We believe in a sovereign and good God who is faithful to his people. As we look back in this series on the development of Reformed Calvinist schooling in North America using the book 22 Landmark Years, Christian Schools International, 1943 – 1965 by John VanderArk, we see how God was present and leading.
- One of the most influential and tireless servants of the Christian education movement was Mark Fakkema, general secretary of CSI’s forerunner, the National Union of Christian Schools (NUCS for short). VanderArk mentions that during the Depression and years following Fakkema was a tireless promoter of Christian education, giving 108 public lectures in one school year, half of them to audiences who were unfamiliar with Christian education.
- NUCS began in Chicago in 1920 and until 1941 was housed in Fakkema’s house. In 1948, the decision was made to move to Grand Rapids because the editorial division was already there, the greater density of schools were located there, and it would be nearer to Calvin College.
- The period following the end of World War II was a time of tremendous growth in Christian schooling with increased enrollment, new facilities, and a focus on educational quality.
- The first Christian school in Canada began in 1945 at Holland Marsh, Ontario, 35 miles northwest of Toronto. Incidentally, the town was named in 1790 after Sir Thomas Holland, not the Dutch settlers of the 1920’s! The acknowledged “founder” of Canadian Christian education, Jacob Uitvlugt, was principal/teacher of 19 students across 8 grades and they first met in a 20 by 20 church consistory room, stove included. Lacombe Christian begins the same year, with schools in Edmonton, Alberta and Vancouver, British Columbia beginning in 1949.
- VanderArk notes that Rev. Paul DeKoekkoek was a strong advocate of Christian schools in every pastorate, including Edmonton, where he began a monthly paper called the Canadian Calvinist. He goes on to state: “DeKoekkoek personified the militant leadership that held that the CRC (Christian Reformed Church) expected a positive response to article 41 of the church order: ‘The Consistories shall see to it that there are good Christian schools in which parents have their children instructed according to the demands of the covenant’.”
- Increased student enrollment caused teacher shortages on both sides of the border. From 1951 to 1960 the average rate of increase was 35% in Canadian schools and in 1962 alone seven schools were added!
- The issue of student selection criteria was a major topic in the 40’s and 50’s. Are Christian schools intended for the children of believers or anyone? VanderArk wonders that since both Christianity and Christian education are good things to share – how can both occur without one diluting the other in the process? Community, interdenominational schools came into being during that era and a few schools were set up on a child evangelism model, such as Rehoboth and Zuni, New Mexico, and Crown Point, Indiana.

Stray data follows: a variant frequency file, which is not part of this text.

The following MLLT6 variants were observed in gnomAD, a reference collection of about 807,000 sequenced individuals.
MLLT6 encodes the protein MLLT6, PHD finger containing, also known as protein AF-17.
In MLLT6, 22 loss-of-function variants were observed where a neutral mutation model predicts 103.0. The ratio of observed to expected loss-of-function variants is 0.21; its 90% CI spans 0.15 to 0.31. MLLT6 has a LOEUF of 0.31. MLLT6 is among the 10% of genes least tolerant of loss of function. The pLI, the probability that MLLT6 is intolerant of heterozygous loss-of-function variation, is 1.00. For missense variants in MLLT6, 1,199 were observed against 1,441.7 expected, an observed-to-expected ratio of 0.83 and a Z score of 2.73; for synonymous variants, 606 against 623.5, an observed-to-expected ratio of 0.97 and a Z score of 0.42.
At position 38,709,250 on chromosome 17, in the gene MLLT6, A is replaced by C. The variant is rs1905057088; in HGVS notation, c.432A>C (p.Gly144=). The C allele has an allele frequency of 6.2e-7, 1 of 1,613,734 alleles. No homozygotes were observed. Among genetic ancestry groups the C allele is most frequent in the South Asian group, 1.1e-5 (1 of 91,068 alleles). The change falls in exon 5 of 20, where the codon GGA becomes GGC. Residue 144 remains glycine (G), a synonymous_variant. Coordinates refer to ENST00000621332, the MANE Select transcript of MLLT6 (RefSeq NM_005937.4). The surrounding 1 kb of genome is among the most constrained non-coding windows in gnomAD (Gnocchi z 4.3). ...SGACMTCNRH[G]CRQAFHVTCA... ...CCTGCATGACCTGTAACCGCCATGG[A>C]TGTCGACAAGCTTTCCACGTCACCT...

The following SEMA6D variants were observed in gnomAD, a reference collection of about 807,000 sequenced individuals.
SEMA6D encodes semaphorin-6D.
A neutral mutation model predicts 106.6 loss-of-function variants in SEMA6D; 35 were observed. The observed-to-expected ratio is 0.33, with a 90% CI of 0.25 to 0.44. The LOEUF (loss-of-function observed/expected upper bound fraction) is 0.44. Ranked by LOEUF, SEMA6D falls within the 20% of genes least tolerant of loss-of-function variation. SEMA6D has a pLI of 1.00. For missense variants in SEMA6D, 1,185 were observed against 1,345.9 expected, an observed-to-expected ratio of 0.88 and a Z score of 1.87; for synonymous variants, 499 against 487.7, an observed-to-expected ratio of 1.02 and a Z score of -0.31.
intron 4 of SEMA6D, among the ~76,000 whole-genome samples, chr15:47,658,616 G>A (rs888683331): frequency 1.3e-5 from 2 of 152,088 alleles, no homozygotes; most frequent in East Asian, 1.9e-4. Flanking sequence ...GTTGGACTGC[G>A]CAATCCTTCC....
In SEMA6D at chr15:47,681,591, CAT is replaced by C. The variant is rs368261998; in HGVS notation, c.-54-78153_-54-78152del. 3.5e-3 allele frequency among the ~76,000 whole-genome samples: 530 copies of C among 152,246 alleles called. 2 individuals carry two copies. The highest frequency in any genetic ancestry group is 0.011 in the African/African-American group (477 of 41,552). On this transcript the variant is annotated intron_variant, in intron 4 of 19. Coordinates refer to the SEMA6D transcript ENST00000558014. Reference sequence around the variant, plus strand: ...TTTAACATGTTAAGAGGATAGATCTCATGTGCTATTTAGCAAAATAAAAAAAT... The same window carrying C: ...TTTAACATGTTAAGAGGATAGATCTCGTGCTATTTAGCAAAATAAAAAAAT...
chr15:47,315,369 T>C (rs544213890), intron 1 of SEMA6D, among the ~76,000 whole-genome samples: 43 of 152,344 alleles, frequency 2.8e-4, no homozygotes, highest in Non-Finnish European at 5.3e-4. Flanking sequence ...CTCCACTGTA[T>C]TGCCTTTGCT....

- While there were only six high schools when NUCS/CSI began in 1920, there were 12 out of 94 total schools in 1943, 34 out of 277 in 1965, and 74 out of 353 by 1980.
- VanderArk lists four types of services and examples provided by CSI: 1) clearinghouse – teacher vacancies, 2) advisory – promotional, financial, operational advice, 3) administrative – pension fund, and 4) self-evaluation materials, such as standards and policies (today’s accreditation).
- The production of Christian instructional materials was one of the reasons for the founding of NUCS/CSI. Early attempts were made to collaborate with the Lutherans, Seventh Day Adventists, and Mennonites to no avail.
- In a 1942 address, Principal J.C. Lobbes listed five reasons why we must acknowledge God in a Christian classroom:
1. As Creator of the material universe,
2. Through the intelligence, order, design, and purpose in His creation,
3. In the course of human events,
4. In the moral consciousness of man,
5. And in man’s aesthetic nature, reflecting Him who is the source of all things beautiful.
- And to close – a quote from Mark Fakkema in the 1943 Christian School Annual about the significance of curriculum: “Each school has two teachers – the teacher behind the teacher’s desk and the teacher on the pupil’s desk…$500,000 is spent annually for teachers, so that our covenant youth may receive something different from the public schools. This difference falls short if our basic texts are identical.” Although we have moved into a multiple resource era, the need for Biblically infused perspective in our teaching has never been greater!